Tuesday, October 30, 2012

Not What it Seems

Bob posted about a woman who was charged for “asking too many questions.”  The article in question is about a woman, Susan Krantz, a registered nurse who was confused by her bill. The article's title - "Questions can trigger split charge" - is misleading, as no one is charged for asking too many questions.  What happened in her case is that she went in for a wellness visit and then asked the doctor about a problem, a sore hip.  At that point the visit went from a regular wellness visit to a sick visit or as the article points out, “an “acute care” matter.”

By current policy, there is no charge, referred to as co-pay or out of pocket expense, on an annual wellness visit.  What is misunderstood is that once a person brings up an acute care issue, such as an injury or illness, or if in the course of the exam the physician discovers an acute care issue, such as a lump or other malady, and then the appointment becomes a sick visit and is billed accordingly.  This billing is subjected to a deductible and co pay, which is the patient’s responsibility.  CMS defines a wellness visit as:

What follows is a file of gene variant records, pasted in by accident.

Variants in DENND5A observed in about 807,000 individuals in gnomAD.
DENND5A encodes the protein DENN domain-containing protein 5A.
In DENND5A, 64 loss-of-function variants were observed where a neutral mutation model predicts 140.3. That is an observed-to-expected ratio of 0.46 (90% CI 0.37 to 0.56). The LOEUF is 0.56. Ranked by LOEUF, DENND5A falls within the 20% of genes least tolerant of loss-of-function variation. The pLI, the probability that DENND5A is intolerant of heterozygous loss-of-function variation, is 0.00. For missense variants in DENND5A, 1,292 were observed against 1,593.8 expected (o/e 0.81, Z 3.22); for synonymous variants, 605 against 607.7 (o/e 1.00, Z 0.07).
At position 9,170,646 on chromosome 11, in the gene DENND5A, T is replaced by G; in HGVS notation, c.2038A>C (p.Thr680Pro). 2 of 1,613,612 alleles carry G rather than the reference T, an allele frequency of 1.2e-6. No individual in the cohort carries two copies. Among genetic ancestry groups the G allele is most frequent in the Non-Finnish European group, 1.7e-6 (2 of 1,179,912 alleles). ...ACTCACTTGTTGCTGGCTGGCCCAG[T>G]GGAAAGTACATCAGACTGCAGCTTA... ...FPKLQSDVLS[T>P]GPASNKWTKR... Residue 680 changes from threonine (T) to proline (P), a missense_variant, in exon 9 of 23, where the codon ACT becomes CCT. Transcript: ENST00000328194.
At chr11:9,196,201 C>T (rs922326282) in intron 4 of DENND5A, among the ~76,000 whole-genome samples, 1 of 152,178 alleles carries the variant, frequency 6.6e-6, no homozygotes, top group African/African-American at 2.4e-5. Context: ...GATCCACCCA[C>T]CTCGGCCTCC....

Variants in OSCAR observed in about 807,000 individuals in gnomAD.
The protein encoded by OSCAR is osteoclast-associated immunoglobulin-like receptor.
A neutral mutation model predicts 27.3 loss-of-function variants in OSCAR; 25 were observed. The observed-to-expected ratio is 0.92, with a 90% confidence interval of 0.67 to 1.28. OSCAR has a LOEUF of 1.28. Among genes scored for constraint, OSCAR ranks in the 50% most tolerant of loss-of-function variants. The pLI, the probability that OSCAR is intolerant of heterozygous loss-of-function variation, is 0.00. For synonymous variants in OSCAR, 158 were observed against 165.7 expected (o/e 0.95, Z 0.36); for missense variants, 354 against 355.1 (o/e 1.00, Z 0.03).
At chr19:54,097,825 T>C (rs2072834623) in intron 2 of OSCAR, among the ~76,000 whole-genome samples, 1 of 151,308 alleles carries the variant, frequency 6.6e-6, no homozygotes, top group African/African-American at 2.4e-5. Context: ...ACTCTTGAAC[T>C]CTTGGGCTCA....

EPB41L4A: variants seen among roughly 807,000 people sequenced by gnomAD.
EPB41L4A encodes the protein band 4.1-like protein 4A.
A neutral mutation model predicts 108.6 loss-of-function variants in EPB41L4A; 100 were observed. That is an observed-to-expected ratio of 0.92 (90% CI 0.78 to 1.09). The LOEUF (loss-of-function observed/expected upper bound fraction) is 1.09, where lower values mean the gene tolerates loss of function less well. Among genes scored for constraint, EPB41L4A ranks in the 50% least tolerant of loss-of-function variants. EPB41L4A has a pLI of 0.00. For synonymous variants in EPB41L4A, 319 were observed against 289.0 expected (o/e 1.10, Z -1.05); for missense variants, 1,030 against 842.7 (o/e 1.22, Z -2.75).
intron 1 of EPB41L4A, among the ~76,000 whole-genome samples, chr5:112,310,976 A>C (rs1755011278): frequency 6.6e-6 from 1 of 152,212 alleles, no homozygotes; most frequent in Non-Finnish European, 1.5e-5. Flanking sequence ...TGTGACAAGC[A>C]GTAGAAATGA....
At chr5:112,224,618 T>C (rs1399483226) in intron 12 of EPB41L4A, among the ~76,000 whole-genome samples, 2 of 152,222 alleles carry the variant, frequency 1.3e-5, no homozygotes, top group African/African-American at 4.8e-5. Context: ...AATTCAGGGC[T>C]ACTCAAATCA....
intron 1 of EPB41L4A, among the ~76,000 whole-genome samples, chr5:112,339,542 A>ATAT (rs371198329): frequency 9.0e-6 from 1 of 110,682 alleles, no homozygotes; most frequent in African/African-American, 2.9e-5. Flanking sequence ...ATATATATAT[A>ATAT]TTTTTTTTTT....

As of 2012, the annual wellness visit benefit includes the following services:

■ Routine measurements, such as your height, weight, blood pressure, and body mass index (BMI);
■ Review of your individual medical and family history;
■ Review of the medications, supplements, and vitamins that you are currently taking;
■ Discussion of the care you are currently receiving from other health care providers;

■ Review of your functional ability and level of safety (for example, your risk of falling at home), including any cognitive impairment, as well as a screening for depression;
■ Discussion of personalized health advice that takes into account your risk factors and specific health conditions or needs, including weight loss, physical activity, smoking cessation, fall prevention, and nutrition;

■ Discussion of referrals to other appropriate health education or preventive counseling services that may help you minimize or treat potential health risks;

This list does not include care for acute problems, such as the sore hip brought up by Ms. Krantz.

The article states, In a written statement, the medical provider said that “the insurance company may require that patients pay or make a co-pay for services beyond the ‘preventive’ part of the appointment.  The moral of this story is that in the end the patient is responsible for the consequences of any medical appointment with a medical provider, so be prepared.
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